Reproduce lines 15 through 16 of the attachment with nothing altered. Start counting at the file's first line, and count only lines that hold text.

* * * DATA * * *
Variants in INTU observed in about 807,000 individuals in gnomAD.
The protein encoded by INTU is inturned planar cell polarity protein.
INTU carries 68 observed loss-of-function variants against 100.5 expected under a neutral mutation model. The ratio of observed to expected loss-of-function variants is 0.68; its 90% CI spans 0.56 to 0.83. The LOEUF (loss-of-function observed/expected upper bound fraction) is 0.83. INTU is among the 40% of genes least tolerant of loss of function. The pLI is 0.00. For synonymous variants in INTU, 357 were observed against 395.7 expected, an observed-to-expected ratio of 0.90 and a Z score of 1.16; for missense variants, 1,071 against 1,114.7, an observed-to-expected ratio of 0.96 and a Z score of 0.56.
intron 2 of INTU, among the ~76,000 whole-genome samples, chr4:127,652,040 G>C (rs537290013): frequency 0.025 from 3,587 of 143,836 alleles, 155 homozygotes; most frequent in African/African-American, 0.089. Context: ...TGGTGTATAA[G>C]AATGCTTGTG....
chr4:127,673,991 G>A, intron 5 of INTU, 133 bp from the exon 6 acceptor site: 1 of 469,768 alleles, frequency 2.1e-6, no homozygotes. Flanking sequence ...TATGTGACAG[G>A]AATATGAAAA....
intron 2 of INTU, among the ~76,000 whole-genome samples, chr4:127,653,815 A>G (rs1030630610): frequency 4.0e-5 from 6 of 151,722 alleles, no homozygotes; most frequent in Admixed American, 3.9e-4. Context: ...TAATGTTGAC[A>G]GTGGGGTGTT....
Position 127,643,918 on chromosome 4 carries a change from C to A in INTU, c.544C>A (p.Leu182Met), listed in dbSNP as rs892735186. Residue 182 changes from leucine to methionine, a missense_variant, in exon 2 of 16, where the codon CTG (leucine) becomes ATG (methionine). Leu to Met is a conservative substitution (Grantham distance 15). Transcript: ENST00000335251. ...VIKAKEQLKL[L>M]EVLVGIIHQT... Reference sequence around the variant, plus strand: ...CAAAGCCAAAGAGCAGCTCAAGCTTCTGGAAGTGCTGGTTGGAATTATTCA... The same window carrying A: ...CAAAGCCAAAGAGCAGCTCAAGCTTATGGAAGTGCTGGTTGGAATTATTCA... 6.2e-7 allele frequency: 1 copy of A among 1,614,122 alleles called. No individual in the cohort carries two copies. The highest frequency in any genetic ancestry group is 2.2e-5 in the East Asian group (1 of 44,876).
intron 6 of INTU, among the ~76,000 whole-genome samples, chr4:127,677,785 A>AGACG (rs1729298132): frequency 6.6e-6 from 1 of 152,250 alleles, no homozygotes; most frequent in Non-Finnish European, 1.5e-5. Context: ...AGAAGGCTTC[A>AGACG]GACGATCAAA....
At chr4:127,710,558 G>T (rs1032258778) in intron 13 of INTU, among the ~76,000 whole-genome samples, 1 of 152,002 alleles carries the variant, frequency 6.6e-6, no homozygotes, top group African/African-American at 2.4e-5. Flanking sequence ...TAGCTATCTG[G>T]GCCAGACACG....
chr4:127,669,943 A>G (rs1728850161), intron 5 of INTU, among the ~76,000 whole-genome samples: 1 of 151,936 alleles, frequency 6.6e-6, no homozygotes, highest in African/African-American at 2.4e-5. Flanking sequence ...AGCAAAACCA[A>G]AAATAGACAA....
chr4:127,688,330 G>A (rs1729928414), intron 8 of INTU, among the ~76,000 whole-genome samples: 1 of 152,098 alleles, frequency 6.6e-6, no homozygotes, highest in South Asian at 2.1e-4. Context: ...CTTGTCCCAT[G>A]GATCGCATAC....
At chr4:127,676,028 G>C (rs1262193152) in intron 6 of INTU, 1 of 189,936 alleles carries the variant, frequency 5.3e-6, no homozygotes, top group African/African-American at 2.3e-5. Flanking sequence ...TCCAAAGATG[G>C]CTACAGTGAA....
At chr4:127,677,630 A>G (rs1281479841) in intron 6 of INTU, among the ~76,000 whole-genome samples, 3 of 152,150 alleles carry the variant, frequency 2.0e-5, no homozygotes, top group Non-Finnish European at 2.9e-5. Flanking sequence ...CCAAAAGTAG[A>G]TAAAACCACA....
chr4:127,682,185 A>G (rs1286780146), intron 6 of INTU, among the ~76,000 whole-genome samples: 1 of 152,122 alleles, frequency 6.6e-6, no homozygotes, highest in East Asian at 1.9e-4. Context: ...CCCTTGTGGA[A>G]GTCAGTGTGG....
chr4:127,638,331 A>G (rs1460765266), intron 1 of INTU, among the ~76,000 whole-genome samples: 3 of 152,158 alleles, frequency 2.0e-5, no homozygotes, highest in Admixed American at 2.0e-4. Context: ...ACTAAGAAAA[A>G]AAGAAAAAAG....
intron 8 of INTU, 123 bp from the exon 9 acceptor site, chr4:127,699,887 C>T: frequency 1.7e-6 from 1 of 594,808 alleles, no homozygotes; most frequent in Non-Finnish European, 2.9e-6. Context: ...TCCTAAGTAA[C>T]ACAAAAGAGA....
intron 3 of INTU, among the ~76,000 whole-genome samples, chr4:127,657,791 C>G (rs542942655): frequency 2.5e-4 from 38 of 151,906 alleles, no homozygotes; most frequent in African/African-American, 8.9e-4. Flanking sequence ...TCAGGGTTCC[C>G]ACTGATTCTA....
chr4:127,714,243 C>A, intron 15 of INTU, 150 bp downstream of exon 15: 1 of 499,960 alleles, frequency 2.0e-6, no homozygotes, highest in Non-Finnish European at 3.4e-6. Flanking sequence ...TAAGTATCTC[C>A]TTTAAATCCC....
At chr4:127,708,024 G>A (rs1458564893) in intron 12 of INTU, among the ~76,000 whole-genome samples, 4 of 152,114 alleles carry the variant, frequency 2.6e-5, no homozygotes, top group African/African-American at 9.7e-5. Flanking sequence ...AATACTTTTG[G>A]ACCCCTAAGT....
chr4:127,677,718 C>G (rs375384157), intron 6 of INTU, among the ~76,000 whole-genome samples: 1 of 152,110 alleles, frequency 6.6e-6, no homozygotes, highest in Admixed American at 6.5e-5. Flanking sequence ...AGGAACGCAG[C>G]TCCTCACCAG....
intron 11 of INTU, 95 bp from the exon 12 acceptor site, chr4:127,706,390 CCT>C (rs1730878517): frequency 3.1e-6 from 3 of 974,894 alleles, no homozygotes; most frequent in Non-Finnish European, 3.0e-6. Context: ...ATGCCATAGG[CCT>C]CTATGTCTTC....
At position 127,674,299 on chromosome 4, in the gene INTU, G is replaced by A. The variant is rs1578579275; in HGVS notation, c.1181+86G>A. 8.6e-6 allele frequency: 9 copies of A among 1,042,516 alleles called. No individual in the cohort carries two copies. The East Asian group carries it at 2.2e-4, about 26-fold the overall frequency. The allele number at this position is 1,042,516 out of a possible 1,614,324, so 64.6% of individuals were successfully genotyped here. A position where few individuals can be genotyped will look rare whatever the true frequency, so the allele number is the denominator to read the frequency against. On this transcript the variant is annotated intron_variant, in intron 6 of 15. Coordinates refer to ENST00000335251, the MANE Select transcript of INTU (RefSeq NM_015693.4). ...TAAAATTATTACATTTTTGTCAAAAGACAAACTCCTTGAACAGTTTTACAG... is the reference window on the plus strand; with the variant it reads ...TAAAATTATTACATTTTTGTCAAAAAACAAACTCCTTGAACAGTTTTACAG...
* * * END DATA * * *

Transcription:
chr4:127,638,331 A>G (rs1460765266), intron 1 of INTU, among the ~76,000 whole-genome samples: 3 of 152,158 alleles, frequency 2.0e-5, no homozygotes, highest in Admixed American at 2.0e-4. Context: ...ACTAAGAAAA[A>G]AAGAAAAAAG....
intron 8 of INTU, 123 bp from the exon 9 acceptor site, chr4:127,699,887 C>T: frequency 1.7e-6 from 1 of 594,808 alleles, no homozygotes; most frequent in Non-Finnish European, 2.9e-6. Context: ...TCCTAAGTAA[C>T]ACAAAAGAGA....